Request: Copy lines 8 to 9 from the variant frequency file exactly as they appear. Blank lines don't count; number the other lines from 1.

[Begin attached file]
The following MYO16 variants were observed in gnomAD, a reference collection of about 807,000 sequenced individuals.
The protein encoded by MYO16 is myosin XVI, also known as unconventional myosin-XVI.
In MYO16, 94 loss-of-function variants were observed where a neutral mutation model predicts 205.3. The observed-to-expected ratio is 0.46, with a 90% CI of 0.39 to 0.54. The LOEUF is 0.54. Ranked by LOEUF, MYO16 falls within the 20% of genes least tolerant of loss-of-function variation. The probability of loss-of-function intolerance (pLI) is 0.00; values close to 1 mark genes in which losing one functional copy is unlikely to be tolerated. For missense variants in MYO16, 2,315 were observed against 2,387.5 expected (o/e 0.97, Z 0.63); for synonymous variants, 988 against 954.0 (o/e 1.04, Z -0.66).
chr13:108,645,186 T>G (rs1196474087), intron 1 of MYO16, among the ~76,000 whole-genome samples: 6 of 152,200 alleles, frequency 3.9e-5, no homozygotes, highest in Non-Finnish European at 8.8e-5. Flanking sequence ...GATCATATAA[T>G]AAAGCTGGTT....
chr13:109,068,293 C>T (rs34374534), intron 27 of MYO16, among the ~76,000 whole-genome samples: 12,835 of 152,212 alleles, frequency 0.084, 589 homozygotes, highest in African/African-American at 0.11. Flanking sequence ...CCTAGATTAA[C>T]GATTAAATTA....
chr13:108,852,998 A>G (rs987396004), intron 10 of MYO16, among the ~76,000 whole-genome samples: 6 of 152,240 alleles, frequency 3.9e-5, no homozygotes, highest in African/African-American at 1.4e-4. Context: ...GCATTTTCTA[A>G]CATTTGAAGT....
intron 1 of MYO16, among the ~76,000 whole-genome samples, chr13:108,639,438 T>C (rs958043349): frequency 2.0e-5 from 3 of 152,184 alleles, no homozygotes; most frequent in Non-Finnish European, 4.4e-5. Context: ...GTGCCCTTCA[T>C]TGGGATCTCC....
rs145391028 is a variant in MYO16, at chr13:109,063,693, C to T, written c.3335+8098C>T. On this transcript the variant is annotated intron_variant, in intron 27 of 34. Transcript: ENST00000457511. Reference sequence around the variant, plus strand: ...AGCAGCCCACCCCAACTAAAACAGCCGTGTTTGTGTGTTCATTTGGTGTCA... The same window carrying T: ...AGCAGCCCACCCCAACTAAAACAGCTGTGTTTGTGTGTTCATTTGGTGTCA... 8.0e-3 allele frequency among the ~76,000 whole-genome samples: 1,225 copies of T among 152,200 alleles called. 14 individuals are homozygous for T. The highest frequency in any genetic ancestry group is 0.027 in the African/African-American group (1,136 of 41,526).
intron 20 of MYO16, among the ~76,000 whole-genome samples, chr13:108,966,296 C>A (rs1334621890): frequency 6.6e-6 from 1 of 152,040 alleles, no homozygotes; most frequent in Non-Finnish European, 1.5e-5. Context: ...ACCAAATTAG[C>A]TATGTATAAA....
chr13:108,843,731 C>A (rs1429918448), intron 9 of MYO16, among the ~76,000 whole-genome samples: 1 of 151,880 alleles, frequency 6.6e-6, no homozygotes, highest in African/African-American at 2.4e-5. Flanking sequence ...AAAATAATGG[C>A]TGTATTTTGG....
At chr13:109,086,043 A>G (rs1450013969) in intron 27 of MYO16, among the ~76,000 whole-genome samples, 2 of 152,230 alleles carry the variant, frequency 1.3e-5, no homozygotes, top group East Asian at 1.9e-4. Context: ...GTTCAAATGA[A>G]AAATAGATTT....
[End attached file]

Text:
rs145391028 is a variant in MYO16, at chr13:109,063,693, C to T, written c.3335+8098C>T. On this transcript the variant is annotated intron_variant, in intron 27 of 34. Transcript: ENST00000457511. Reference sequence around the variant, plus strand: ...AGCAGCCCACCCCAACTAAAACAGCCGTGTTTGTGTGTTCATTTGGTGTCA... The same window carrying T: ...AGCAGCCCACCCCAACTAAAACAGCTGTGTTTGTGTGTTCATTTGGTGTCA... 8.0e-3 allele frequency among the ~76,000 whole-genome samples: 1,225 copies of T among 152,200 alleles called. 14 individuals are homozygous for T. The highest frequency in any genetic ancestry group is 0.027 in the African/African-American group (1,136 of 41,526).
intron 20 of MYO16, among the ~76,000 whole-genome samples, chr13:108,966,296 C>A (rs1334621890): frequency 6.6e-6 from 1 of 152,040 alleles, no homozygotes; most frequent in Non-Finnish European, 1.5e-5. Context: ...ACCAAATTAG[C>A]TATGTATAAA....